What if going out is out of the question? “You can have a beautiful office, but if it’s not designed for movement, it won’t work well,” Cunningham cautions. “Too many cubicles, and people can get trapped.” She recommends having an event specialist look at the space with a critical eye to determine its suitability for the type of event you’re planning.

Regardless of the venue, consider how guests will arrive and depart. If they use public transportation, are bus and/or subway lines nearby? If the event is off site, what are the parking rules and valet services? If alcohol will be served, consider having a car service on standby for guests who may overindulge.

Food & Drink

The tone, scope and location all influence what you serve:

  • Food: Is your style McDonald’s or Ruth’s Chris Steak House? Consider the associated cost of a meal at or from each location, and multiply it by the number of employees (and guests) to get an idea of potential costs.
  • Beverage: Time of day, location and nature of your business influence whether you splash out on a full bar or keep it low key with a craft soda station or espresso cart.

Other Considerations

Here are some other important things to keep in mind when planning your office holiday party:

  • Venue Restrictions: If your group likes to rock all night, make sure noise ordinances don’t require the DJ to quit at 10 p.m. Envisioning an intimate, candlelit evening? Check that an open flame is okay, or invest in battery-operated alternatives.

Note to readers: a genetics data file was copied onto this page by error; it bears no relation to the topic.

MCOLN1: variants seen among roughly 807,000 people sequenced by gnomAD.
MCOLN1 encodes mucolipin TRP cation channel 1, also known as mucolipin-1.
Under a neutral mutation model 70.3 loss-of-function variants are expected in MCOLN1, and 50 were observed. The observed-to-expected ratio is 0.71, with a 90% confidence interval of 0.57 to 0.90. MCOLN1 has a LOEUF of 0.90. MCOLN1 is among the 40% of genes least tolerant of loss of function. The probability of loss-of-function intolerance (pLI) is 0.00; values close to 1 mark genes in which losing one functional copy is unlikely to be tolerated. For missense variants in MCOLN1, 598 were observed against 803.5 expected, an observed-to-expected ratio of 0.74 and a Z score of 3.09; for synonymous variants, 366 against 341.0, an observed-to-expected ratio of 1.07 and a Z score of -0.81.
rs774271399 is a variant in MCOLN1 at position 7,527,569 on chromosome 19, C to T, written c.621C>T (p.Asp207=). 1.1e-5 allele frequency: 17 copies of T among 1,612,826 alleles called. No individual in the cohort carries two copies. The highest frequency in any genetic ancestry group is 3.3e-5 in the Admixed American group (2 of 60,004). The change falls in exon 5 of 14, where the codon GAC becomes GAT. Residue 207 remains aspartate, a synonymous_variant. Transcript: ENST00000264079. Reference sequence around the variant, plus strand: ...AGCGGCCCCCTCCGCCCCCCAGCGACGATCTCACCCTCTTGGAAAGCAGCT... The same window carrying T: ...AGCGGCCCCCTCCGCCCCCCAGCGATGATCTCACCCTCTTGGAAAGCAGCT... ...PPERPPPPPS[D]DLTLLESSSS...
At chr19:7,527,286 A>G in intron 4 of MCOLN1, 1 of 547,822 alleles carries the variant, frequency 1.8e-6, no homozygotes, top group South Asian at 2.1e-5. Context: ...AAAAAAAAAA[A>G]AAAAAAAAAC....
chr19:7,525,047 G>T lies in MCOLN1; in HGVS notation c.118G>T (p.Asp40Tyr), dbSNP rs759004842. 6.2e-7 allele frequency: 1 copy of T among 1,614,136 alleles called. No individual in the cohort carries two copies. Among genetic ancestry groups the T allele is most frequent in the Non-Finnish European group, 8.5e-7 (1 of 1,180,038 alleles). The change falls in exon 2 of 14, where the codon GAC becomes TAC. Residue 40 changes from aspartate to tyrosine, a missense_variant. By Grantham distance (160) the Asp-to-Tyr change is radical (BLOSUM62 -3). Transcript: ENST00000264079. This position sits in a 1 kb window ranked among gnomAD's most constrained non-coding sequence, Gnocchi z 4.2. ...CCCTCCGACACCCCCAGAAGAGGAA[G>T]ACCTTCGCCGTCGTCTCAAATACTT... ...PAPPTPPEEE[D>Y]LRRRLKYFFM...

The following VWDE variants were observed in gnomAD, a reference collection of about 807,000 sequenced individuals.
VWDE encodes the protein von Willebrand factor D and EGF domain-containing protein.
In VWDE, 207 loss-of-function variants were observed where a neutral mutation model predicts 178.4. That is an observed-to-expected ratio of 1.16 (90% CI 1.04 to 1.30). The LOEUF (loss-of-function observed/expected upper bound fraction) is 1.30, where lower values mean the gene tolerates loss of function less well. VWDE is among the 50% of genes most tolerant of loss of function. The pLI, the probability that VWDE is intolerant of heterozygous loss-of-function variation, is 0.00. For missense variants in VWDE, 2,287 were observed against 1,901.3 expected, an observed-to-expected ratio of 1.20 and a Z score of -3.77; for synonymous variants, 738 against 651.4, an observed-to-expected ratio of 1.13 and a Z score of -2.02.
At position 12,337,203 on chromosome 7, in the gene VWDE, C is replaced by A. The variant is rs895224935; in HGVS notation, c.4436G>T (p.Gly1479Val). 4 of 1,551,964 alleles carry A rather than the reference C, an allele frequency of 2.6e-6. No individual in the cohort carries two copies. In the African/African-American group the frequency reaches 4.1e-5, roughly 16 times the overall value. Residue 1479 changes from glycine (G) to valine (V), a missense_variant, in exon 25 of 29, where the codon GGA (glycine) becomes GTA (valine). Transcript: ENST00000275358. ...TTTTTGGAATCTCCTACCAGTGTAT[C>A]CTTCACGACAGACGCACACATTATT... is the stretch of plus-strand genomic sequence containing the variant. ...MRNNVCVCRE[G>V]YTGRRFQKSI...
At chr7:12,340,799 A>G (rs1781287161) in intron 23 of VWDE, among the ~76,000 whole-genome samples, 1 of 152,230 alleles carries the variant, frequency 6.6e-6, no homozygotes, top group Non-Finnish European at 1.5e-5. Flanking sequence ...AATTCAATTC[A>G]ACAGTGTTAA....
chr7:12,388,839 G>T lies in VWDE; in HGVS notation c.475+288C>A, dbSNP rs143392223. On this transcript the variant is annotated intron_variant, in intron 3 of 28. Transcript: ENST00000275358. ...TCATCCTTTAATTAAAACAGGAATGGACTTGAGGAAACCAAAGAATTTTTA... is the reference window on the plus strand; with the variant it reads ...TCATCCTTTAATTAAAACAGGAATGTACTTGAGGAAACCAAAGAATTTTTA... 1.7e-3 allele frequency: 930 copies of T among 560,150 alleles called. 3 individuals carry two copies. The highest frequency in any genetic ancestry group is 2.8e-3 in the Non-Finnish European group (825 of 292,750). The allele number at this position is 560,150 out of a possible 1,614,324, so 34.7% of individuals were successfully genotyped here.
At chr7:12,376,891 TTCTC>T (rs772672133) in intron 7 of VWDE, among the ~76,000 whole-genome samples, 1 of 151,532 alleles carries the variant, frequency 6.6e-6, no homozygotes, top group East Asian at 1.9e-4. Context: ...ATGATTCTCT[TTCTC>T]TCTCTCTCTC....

• Liquor Policy: If you use a venue, can you bring your own booze or do you need a licensed caterer for alcohol purchase and service? If you provide the liquor, check with your state agency for any necessary permits — and with your attorney and insurance agent for other practical considerations.
  • Rentals: What’s included in the rental: tables, chairs and kitchen access? You may need to bring in rental equipment, which means confirming site access for delivery and pickup. Verify what your venue or caterer provides and what they (or you) need to rent in order to execute your event.
  • Décor: Is the venue decked out in holiday finery? Or do you need to bring your own greenery, lights and fake snow, and then pay someone to put it up?
  • Labor: Caterers and restaurants provide staff. If you go the DIY route, think about recruiting help outside the office so employees can enjoy the party. Culinary schools and private clubs may have students or staff you can hire. In some states, union members are required to perform certain tasks. Check with the venue manager so you understand who does what and why.
  • Gratuity: Restaurants typically add a gratuity to the food and beverage total. Off-site caterers usually bill hourly per server and may or may not add a gratuity to the total. Ask in advance so there’s no sticker shock when the bill arrives.

Don’t forget to mark your calendar with contract deadlines, when you have to provide a headcount to the caterer and deadlines for any self-assigned to-do items, including reviewing the elements you delegate.

Use this information to plan your office holiday party and the deliverable will be fun — for your employees and the boss.